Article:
Submission Preparation ChecklistAs part of the submission process, authors are required to check off their submission's compliance with all of the following items, and submissions may be returned to authors that do not adhere to these guidelines.
The article has not been published elsewhere or is in the process of being published in another publication (or explanation is provided in the Comments field to the Editor).
- The paper is prepared according to the Instructions for Authors.
- For submission, the copyright holders' consent to the use of the material is governed, wherever necessary.
- A paper contains sufficient detail and references to permit others to replicate the work.
- The research meets all applicable standards for the ethics of experimentation and research integrity.
- Authors adhere to publication requirements that submitted work is original, is not plagiarized, and has not been published elsewhere - fraudulent or knowingly inaccurate statements constitute unethical behaviour and are unacceptable. The authors ensure that their work is entirely original works, and if an author has used the work and/or words of others, that this original is been appropriately cited or quoted and accurately reflects individuals’ contributions to the work and its reporting.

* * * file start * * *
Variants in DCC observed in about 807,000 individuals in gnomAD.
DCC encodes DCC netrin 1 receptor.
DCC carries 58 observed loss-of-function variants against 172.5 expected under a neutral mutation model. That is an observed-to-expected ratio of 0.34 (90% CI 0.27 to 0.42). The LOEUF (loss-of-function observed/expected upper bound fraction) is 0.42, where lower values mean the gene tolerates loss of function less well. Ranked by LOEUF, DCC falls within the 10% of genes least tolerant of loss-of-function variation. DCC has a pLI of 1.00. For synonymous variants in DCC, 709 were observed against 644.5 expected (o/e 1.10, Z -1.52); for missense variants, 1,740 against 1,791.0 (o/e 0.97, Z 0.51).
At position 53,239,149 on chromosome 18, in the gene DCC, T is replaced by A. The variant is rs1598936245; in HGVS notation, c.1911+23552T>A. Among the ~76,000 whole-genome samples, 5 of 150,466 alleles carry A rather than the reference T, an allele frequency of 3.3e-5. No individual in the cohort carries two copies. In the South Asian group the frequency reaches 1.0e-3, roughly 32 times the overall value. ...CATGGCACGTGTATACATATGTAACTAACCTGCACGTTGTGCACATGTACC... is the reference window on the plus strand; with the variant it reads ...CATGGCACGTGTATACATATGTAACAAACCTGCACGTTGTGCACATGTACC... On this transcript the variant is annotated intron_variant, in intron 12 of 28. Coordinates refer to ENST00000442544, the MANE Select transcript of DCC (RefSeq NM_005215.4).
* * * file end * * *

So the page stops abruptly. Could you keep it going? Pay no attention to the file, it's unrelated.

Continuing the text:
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PREPARATION OF MANUSCRIPTS:
The manuscript must be submitted on A4 paper (21 cm × 29.5 cm), leaving a margin of at least 1 inch all around. It must be formatted in Arial, font size 12 points with one and half (1.5) spaced lines. All pages must be numbered with Arabic numerals, and all lines must be numbered consecutively throughout the manuscript. The tables and figures must be presented independently on separate pages together with the title, legend and other accompanying text. They must be provided at the end of the manuscript (after the references). A list of figure captions must additionally be provided on a separate page.
The first page contains the running head (title with no more than 60 characters), title of the manuscript, all authors’ full names, and institution address(es). Indications of professorial ranks or other professional titles should not be used. The corresponding author must be designated with an asterisk. Telephone number, e-mail and full postal address of corresponding author must be provided.
The second page contains the Abstract, with a maximum length of 200 words, summarising the aims, results and conclusions deriving from the research. Beneath the Abstract up to five keywords should be listed (separated by comma). The keyword must be drawn from AGROVOC – the Multilingual Agriculture Thesaurus (1995), or from some other suitable base (e.g. CAB Thesaurus).